How Long is That Digital Book?
In talking about digital books with folks I’ve discovered there’s a need for a new metric by which to judge books. With print books we can easily categorize them as “slim” or “normal” or “doorstop.” (Or, in the case of The Wheel of Time series or the Harry Potter books, a “barricade” of books.) Everyone gets it. The more mammoth the book, the more reading pleasure one may get out of it.
With digital books, this just doesn’t work. When folks ask me about the iPad or Sony Reader, and I tell them that I currently have over 300 books in the device, they view this claim skeptically. There clearly isn’t enough room in so slender a device for that many books. For some folks, 300 books is more than they have in their personal libraries. (For some, it’s more books than they’ve seen in a lifetime.) I explain that books are fairly small files. In fact, in the 3.13 gigs I used to store the movie Up on my iPad, I could have had over 6,000 stories in pdf format—and that format tends to be fairly piggish compared to epub.
Even the more precise (though deceptive) metric of page count doesn’t help much. Because you can vary the size of the type and, therefore the number of words on a page, page count is mutable. While authors keep count in words (since we so often get paid by the word), word count means nothing to the average reader. A book described as a doorstop could be anywhere from 200,000 to 400,000 words. It’s as if someone asks how fast you were driving, and you reply, “Peaches.” I’m sure, somehow, you can make that math work, but the average person can’t.
What we need is a simple way to calculate the number of hours it takes for someone to read something. In this case, the someone will be an “average reader.” Difficult concept, I know, but for our purposes we’ll designate this person as someone comfortable reading at an eighth grade reading level. That’s pretty much the reading community. While many of us can shift into a higher gear to read technical material, for relaxation and fun, the eighth grade reading level suits us just fine.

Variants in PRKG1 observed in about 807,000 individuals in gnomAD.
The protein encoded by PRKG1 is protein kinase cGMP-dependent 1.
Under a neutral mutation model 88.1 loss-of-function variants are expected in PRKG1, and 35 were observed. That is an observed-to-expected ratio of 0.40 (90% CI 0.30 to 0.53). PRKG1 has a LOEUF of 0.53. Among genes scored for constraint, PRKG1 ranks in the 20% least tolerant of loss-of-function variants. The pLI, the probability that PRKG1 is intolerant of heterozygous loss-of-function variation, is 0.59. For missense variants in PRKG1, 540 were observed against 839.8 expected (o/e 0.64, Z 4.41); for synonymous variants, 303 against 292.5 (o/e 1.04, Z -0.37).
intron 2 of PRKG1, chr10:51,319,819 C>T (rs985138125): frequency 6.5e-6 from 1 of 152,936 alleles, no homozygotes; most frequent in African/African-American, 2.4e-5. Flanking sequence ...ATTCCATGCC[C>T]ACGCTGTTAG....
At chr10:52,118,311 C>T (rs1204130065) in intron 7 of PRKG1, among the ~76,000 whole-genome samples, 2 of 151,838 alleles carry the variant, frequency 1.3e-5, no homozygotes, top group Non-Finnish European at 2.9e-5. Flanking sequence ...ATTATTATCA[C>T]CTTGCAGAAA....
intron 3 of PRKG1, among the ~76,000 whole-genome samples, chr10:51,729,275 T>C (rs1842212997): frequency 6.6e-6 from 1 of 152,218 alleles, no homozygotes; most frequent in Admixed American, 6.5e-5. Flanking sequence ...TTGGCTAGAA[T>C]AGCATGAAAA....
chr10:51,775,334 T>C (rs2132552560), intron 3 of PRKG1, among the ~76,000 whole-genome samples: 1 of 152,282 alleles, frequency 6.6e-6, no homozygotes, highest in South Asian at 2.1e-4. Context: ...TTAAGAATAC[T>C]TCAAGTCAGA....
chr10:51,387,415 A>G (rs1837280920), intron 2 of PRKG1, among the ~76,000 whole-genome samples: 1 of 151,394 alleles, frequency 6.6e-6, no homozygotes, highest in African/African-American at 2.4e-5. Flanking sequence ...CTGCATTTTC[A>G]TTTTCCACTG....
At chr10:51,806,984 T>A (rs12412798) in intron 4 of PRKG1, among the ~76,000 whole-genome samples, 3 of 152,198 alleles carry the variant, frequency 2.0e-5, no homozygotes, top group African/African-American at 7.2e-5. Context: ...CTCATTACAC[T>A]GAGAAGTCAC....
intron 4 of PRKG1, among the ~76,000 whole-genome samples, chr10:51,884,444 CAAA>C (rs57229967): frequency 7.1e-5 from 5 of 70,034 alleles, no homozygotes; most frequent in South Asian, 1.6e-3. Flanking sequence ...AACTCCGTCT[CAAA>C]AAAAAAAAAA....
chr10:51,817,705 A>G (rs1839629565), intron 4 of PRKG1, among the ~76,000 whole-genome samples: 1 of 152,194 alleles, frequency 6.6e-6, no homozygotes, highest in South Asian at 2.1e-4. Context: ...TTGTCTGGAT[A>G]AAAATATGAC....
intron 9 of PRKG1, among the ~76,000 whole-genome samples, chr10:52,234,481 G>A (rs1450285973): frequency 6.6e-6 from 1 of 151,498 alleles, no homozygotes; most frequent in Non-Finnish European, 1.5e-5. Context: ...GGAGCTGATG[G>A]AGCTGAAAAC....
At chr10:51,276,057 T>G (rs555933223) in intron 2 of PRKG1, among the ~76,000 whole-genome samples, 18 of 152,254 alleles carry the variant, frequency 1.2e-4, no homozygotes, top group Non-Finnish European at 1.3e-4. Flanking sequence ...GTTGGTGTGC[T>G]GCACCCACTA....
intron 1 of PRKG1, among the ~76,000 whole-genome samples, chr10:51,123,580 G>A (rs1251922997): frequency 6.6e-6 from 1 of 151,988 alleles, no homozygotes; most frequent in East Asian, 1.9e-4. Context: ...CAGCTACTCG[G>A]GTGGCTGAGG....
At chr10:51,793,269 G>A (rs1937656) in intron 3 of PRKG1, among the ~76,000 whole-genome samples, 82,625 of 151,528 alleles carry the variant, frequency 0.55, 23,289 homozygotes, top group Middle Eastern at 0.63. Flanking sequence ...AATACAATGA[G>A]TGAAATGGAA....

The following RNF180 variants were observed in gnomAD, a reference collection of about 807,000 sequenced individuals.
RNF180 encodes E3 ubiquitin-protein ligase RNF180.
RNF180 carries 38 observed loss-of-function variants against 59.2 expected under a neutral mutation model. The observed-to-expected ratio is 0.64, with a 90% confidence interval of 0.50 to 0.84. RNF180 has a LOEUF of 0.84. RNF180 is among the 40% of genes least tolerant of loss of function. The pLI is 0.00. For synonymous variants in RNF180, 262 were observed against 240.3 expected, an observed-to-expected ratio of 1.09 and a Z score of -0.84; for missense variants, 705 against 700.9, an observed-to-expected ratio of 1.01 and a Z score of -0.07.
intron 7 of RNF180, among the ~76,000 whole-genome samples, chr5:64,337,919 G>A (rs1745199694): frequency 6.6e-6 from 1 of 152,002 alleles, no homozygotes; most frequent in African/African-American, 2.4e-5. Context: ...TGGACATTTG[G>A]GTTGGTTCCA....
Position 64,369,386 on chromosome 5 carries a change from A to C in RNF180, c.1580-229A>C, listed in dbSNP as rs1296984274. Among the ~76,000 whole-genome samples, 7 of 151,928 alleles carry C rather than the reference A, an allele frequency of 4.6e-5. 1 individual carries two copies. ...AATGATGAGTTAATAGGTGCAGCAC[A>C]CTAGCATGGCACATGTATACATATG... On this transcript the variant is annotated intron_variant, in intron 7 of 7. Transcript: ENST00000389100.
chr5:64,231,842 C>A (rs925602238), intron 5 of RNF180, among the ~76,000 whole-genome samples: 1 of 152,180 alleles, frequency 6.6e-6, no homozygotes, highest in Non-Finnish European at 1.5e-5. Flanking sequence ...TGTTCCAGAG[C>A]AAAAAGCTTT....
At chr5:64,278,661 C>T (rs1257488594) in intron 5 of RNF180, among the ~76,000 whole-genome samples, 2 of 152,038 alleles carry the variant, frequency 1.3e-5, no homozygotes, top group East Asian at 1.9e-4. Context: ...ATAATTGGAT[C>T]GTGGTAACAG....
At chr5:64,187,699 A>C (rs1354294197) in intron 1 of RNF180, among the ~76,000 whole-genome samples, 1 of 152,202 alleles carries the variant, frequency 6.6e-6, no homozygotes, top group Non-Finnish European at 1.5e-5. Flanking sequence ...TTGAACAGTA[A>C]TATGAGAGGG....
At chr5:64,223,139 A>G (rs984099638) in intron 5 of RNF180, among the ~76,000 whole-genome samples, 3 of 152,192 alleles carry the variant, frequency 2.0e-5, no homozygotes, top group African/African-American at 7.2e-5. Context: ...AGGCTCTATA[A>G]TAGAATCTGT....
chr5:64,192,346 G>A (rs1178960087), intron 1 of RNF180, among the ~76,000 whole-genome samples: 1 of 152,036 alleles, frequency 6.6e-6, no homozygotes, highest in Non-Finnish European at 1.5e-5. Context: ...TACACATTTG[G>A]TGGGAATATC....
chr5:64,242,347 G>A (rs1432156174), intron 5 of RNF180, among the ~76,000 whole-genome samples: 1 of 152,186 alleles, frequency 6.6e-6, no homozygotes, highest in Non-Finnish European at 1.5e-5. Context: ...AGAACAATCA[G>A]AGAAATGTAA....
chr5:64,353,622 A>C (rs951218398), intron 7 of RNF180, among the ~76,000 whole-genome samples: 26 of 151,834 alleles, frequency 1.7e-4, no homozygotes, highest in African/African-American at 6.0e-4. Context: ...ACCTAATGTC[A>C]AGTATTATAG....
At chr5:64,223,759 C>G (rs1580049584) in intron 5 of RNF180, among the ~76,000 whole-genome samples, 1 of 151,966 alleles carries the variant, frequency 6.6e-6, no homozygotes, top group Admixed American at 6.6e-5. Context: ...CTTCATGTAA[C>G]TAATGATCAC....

The British Broadcasting Company uses the read rate of three words per second as the pace they want their readers to hit. That works out to be just a bit more than 10,000 words per hour. Assuming for our purposes that a reader is not reading under ideal circumstances allowing for complete concentration, 10,000 words an hour is about right for reading speed. (If you read faster, please do not leave a comment telling me my math is off. You’re manifestly not the average reader of which I speak. You’re obviously a voracious reader. My mortgage holder and I both thank you for your patronage down through the years. Use the following calculations and compare your speed to the suggested speed, then you’ll know how to handicap Hours of Reading Pleasure (HRP) when you see it.)
So, Hours of Reading Pleasure (HRP) equals Word Count/10,000. Pretty simple math. A short story will run between a half and full hour. A novel like Talion: Revenant should be good for 17 HRP. The way I write most of my books, a chapter should take you fifteen minutes, and there’s not a single one of my novels that should come in under 8 HRP. Fortress Draconis, my longest, would hit 21.7 HRP (21 hours, 42 minutes).
I think it’s important that writers and publishers adopt the HRP scale for our digital works for two obvious reasons. First, people tend to plan their activities based on time available. If they have a half hour available, knocking off a short story makes sense. If they’re going on a long plane trip, a novel makes sense. We’ll be giving them the information they need to make a wise choice among their entertainment alternatives—a service that makes our work even more accessible.
Second, every other medium has time data associated with it, from music and podcasts, to TV shows and movies. Compared to paying $14.95 to download a movie that will last for two hours, getting a 17 HRP novel for $5 is the bargain of the century. Heck, even a 22 minute TV show at $1.99 bites compared to a 45 minute novella at the same price. Because time consideration often outweighs financial considerations in entertainment selection, HRP proves that digital stories and novels are a great entertainment value. (Folks could even go the route of adding a “per hour” financial cost to their descriptions of work.)
It’s no secret that books (digital or print) are great value for money. Helping readers understand that, and making our work more useful to them, is a wonderful way to keep ourselves relevant in the future.